NZ’s winter health plan fails to stem shortages, burnout, say frontline staff

Middlemore Hospital
Middlemore Hospital . . . an emergency department doctor says there is much burnout among doctors and nurses. Image: Jarred Williamson/LDR

By Stephen Forbes, Local Democracy Reporter

Te Whatu Ora’s new winter health plan fails to address workforce shortages and staff burnout in Aotearoa New Zealand, frontline healthcare workers say.

The organisation launched its 24-point plan on Wednesday, saying it would help hospitals and GPs cope with an expected surge in patient demand over the coming months.

Under the plan, people with minor ailments will be able to be assessed by a pharmacist and given free or subsidised medication in line with if they had visited their GP.

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Family doctors will also be able to refer patients for X-rays and ultrasounds in a bid to reduce hospital admissions.

Regional and national escalation plans will be in place to help improve hospital capacity by “diverting resources and patients within and across regions to support under-pressure facilities”.

But a doctor from Middlemore Hospital’s emergency department, who spoke on condition of anonymity, said while diverting patients and resources sounded “good in theory”, there needed to be the staff available to deliver that plan.

There was so much burnout among doctors and nurses, she said.

“You can’t flog a dead horse.

Staff ‘not available’
“In practice these escalation plans involve going through a checklist of different resources that can be provided to help, but you then find out they aren’t available — due to staffing issues.”

A nurse from the hospital’s ED agreed chronic workforce shortages would prevent many of the proposals ever working.

“It all sounds all great, but where is Te Whatu Ora finding all the staff to do these things and how are they going to do it in a healthcare system that is already understaffed and in crisis?”

Giving pharmacists a greater role to play could also be problematic as they were also busy and were not trained to diagnose patient ailments, the nurse said.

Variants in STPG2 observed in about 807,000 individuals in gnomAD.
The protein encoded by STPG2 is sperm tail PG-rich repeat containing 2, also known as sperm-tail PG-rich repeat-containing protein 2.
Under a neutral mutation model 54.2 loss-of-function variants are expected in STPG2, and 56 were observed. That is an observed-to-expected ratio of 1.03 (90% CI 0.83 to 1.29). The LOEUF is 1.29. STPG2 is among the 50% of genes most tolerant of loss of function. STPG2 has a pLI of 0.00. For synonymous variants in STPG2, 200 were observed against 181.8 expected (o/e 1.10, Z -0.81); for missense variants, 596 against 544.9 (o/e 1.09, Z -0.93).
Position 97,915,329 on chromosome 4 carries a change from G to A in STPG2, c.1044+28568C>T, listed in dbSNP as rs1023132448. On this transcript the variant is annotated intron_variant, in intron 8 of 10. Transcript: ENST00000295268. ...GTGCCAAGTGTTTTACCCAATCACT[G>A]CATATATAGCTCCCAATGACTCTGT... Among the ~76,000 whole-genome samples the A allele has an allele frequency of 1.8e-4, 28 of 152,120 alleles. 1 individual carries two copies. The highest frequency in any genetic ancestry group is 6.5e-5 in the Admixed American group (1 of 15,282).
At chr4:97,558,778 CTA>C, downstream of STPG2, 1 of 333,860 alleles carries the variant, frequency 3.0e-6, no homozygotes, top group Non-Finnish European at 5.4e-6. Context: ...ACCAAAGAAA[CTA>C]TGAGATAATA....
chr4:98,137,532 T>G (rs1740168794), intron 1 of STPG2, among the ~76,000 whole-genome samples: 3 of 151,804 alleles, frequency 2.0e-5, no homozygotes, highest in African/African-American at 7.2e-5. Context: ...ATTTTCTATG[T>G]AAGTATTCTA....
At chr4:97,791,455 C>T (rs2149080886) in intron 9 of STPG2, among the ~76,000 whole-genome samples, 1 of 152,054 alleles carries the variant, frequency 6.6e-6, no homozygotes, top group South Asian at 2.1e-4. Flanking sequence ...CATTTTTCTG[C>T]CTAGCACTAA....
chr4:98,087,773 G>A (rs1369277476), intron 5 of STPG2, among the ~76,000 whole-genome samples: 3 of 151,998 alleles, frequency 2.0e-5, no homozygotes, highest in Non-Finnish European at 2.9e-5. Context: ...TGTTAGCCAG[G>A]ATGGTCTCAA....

In February, Te Whatu Ora identified Middlemore Hospital as one of eight national ‘hotspots’ needing extra support before the winter flu season.

Former chairperson Rob Campbell admitted the workforce shortages plaguing Middlemore’s ED would not be addressed in time for the flu season.

It followed comments from frontline healthcare workers who said the hospital’s ED was haemorrhaging staff and they were concerned about its ability to function during winter.

‘Doing what we can’
In a statement, Te Whatu Ora (Counties Manukau) interim lead of hospital and specialist services Dr Vanessa Thornton said while there had been growth in staffing numbers nationally, it needed to continue to grow its workforce.

“We know that pressure from shortages across our workforce is being felt on the frontlines of our health system. We can’t fix those shortages quickly – but are doing what we can to alleviate pressure and get more staff into our hospitals and other services.”

She said that includes making it easier for internationally qualified staff to work here and assisting qualified nurses to return to practice.

Local Democracy Reporting is Public Interest Journalism funded through NZ On Air. It is published by Asia Pacific Report in collaboration.

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